This issue features four articles from practitioners and scholars in Australia, Czech Republic, Denmark and Mexico. Storch and Shotter open the Article section with a thought-provoking article on a style of organizational learning and leadership in which they suggest a “certain dialogical style of intra-acting—involving informal forms of talk, responsive listening, and the noticing of subtle aspects of people’s expressions”. Chaveste and Molina share their presentation at the Bateson and Rhizome Century Conference in Vancouver, Canada in the fall of 2012. Creatively using multiple metaphorical images and the metaphors of “crabs” and starfish”, they spoke about the importance of, and how they integrate, their clients’ traditions of history, beliefs and ways of doing things, along with the inherited cultural meanings and the connection with collaborative practice. Elena Fernandez contributes inviting ideas about writing as a form of therapeutic process and includes some writing exercises to encourage readers to write. Reflections on the influence of social construction theory and collaborative dialogue on a lawyer’s journey of re-discovering and re-creating himself in his personal and professional relationships by Bill Ash concludes the section.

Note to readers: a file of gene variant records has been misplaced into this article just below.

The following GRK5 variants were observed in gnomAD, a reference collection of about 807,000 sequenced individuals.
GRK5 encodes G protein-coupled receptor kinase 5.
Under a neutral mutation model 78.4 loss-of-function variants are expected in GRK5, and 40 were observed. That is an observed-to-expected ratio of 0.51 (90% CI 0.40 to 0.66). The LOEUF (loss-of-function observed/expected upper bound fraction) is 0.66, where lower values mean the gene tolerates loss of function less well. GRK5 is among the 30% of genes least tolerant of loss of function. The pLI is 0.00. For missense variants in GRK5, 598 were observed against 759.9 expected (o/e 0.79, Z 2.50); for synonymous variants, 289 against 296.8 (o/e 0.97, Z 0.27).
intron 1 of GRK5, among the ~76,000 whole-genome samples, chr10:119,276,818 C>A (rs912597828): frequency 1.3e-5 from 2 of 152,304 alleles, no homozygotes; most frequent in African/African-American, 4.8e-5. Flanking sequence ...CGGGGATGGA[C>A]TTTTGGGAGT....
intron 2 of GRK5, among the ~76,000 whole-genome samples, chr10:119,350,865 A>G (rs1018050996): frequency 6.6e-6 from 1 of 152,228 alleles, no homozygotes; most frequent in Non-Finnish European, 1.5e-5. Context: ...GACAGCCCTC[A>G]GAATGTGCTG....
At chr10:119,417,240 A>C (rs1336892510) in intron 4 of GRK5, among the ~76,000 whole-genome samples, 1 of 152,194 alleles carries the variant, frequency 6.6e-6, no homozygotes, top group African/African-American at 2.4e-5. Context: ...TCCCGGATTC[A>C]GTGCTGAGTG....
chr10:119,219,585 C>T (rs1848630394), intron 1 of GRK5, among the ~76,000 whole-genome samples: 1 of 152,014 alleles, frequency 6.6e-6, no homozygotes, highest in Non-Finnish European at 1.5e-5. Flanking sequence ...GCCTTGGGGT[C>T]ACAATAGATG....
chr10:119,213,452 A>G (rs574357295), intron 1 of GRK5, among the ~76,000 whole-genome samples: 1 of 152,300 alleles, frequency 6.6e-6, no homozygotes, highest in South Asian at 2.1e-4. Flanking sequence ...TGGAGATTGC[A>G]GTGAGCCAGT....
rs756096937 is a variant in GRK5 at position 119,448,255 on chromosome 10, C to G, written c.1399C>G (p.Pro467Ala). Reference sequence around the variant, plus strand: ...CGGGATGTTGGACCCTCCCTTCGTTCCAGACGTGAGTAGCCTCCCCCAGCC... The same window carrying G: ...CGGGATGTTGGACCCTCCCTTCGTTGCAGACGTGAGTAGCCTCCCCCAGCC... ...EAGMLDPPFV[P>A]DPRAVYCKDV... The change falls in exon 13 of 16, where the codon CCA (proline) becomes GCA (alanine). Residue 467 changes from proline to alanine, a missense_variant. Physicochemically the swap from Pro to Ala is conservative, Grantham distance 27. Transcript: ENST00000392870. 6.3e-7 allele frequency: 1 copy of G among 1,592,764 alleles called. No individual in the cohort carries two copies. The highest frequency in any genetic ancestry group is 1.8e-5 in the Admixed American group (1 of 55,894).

This issue’s essay is a polyphonic musing on an innovative collaborative experience across the ocean from voices in the Czech Republic and Mexico. Each author shares his or her unique application of working collaboratively and approaching their work from a relational-dialogical perspective, and serves as an invitation and catalyst for dialogue.
Frequently Asked Questions
The Frequently Asked Question section offers a four person dialogue inspired by the often-asked question: Is Collaborative Practice “politically sensitive”, and if so, how? I invite you to join in their polyphonic dialogue.